Story 7

Apple’s Tim Cook celebrates the iMac’s 20th anniversary

The computer was first unveiled on May 6, 1998, by then-Apple CEO Steve Jobs. The original model was a then-radical “all-in-one” design, a CRT monitor, motherboard and CD-ROM drive housed in a colourful translucent egg-shaped housing, versus the more traditional desktop tower tethered to an external monitor. The system had a 233-MHz PowerPC processor, a 4GB hard drive and sold for $1,299 in the US. Despite the May unveiling, it didn’t ship until August of that year.

The original iMac was the first big collaboration between Apple chief designer Jonny Ive and Jobs, the company’s legendary cofounder who had been brought back the year before (after being fired in 1985). The iMac’s success was a key catalyst in the Jobs-led renaissance for Apple: iTunes, Apple Stores, iPods and iPhone would all debut in the following decade, beginning Apple’s stunning reversal from struggling also-ran to the world’s most profitable corporation.

Tims’s tweet – “20 years ago today, Steve introduced the world to iMac. It set Apple on a new course and forever changed the way people look at computers.”

How to 1

I Had an issue this week were an item in the trash can said “can’t empty the Trash filename is still in use”

Answer is to

  1. Double-click on your Mac’s Trash bin in the app dock.
  2. Select the item you want to delete.
  3. Right-click on the item.
  4. Select Delete Immediately from the dropdown menu.
  5. Click Delete to confirm that you want to delete the item.

This is time limited. What I mean is after you Right-click the item you only have a short time before the “Delete Immediately” goes away

This week in Apple History

1998: Steve Jobs outlines Apple’s latest operating system strategy at the firm’s annual Worldwide Developer Conference (WWDC), essentially dumping NeXT technology in favor of Mac OS X. Apple’s previous strategy revolved around Rhapsody, which required developers to completely retool their existing products. But by using a new set of APIs (application programming interface) called Carbon, developers were promised a far easier transition into Mac OS X’s features such as protected memory, virtual memory, preemptive multitasking, multi-threading, etc.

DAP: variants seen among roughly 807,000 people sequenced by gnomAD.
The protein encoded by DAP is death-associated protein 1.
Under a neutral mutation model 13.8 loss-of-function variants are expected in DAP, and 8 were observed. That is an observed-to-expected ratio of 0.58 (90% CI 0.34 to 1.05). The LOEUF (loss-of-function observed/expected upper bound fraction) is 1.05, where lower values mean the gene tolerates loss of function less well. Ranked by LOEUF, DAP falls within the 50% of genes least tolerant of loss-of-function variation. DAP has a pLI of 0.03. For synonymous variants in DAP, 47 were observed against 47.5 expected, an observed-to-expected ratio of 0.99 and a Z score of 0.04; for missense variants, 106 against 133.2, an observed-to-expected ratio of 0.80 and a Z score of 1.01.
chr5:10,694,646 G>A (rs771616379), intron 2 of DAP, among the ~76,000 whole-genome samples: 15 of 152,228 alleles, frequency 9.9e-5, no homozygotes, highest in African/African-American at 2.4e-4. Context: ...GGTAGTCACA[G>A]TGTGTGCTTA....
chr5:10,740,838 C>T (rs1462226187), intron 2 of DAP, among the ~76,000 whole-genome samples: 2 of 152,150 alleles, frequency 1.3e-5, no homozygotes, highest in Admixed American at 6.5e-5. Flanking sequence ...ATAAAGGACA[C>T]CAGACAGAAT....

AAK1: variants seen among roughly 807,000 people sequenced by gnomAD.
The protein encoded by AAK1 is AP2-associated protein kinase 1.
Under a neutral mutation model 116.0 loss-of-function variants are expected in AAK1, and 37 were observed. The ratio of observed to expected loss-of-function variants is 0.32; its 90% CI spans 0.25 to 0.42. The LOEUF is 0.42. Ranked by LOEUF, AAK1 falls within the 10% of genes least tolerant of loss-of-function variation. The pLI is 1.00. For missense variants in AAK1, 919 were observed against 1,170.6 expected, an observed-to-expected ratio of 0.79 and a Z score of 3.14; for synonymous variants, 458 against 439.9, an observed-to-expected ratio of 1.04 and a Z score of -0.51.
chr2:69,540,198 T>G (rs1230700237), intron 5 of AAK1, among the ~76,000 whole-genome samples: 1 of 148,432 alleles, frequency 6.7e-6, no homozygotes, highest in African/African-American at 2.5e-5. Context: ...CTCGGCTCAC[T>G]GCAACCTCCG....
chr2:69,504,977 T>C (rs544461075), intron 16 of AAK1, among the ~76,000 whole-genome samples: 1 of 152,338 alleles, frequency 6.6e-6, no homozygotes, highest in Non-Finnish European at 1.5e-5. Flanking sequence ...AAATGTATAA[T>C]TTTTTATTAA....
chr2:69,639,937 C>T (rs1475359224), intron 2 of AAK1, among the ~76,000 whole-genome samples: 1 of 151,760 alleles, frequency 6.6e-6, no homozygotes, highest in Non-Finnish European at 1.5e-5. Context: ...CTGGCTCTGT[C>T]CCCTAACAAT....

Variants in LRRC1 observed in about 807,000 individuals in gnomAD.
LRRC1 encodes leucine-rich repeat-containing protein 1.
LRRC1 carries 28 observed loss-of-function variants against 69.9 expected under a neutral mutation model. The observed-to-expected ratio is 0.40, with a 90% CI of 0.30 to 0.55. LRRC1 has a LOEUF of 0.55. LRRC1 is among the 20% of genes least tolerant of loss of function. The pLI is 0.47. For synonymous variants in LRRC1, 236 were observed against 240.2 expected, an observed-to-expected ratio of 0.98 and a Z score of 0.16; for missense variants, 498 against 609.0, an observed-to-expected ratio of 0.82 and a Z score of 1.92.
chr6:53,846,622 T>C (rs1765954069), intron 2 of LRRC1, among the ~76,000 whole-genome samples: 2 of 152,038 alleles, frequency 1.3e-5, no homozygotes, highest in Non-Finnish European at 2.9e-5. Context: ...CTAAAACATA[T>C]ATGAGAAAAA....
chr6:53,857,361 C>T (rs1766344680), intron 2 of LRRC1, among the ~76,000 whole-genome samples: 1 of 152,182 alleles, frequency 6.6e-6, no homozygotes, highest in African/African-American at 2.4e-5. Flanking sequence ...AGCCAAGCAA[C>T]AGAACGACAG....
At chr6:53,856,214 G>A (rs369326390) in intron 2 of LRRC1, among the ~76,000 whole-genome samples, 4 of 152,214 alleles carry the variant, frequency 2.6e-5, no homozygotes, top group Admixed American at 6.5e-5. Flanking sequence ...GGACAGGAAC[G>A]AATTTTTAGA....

1999: Apple releases Mac OS 8.6, featuring Sherlock 2.1, increased stability, and improved PowerBook battery life. Apple unveils the G4 at this week’s WWDC. Apple also introduces the Lombard line of G3-powered PowerBooks.

2001: Apple opens the first retail Apple Store in McLean, Virginia. The company announces that it will open 25 retail stores during 2001, and that it expects the stores to be profitable during the holiday shopping quarter. It takes longer than that, however, as the terrorist attacks of September 11th throw the economy into a stall.

2003: Apple announces that over two million songs have been purchased and downloaded from its iTunes Music Store in its first two weeks of operation. 

1996: Apple announced it expected to suffer a US$700M loss in the current quarter. 


A couple of others stories – briefly

Apple Watch may have helped save the life of Florida teen

Apple rumored to be interested in buying publishing giant Condé Nast

Happy Birthday to Zarn this week also